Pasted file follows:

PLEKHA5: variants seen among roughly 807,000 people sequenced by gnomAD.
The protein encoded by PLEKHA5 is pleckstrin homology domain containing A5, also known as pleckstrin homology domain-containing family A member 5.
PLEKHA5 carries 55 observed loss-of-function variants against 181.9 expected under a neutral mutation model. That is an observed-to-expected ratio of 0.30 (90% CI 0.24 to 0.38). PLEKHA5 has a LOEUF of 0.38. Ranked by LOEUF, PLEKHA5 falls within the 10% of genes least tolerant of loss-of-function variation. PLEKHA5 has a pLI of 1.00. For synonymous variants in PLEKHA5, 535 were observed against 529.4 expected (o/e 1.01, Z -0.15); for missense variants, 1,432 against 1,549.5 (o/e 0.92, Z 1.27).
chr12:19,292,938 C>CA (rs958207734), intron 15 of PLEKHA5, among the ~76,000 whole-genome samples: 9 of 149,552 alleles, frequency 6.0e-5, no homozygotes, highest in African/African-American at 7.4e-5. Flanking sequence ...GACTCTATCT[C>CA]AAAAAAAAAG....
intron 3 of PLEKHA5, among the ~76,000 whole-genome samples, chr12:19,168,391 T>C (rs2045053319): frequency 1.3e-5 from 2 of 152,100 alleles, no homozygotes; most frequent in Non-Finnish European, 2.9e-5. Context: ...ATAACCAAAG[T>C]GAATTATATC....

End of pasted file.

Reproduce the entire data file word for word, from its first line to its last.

PLEKHA5: variants seen among roughly 807,000 people sequenced by gnomAD.
The protein encoded by PLEKHA5 is pleckstrin homology domain containing A5, also known as pleckstrin homology domain-containing family A member 5.
PLEKHA5 carries 55 observed loss-of-function variants against 181.9 expected under a neutral mutation model. That is an observed-to-expected ratio of 0.30 (90% CI 0.24 to 0.38). PLEKHA5 has a LOEUF of 0.38. Ranked by LOEUF, PLEKHA5 falls within the 10% of genes least tolerant of loss-of-function variation. PLEKHA5 has a pLI of 1.00. For synonymous variants in PLEKHA5, 535 were observed against 529.4 expected (o/e 1.01, Z -0.15); for missense variants, 1,432 against 1,549.5 (o/e 0.92, Z 1.27).
chr12:19,292,938 C>CA (rs958207734), intron 15 of PLEKHA5, among the ~76,000 whole-genome samples: 9 of 149,552 alleles, frequency 6.0e-5, no homozygotes, highest in African/African-American at 7.4e-5. Flanking sequence ...GACTCTATCT[C>CA]AAAAAAAAAG....
intron 3 of PLEKHA5, among the ~76,000 whole-genome samples, chr12:19,168,391 T>C (rs2045053319): frequency 1.3e-5 from 2 of 152,100 alleles, no homozygotes; most frequent in Non-Finnish European, 2.9e-5. Context: ...ATAACCAAAG[T>C]GAATTATATC....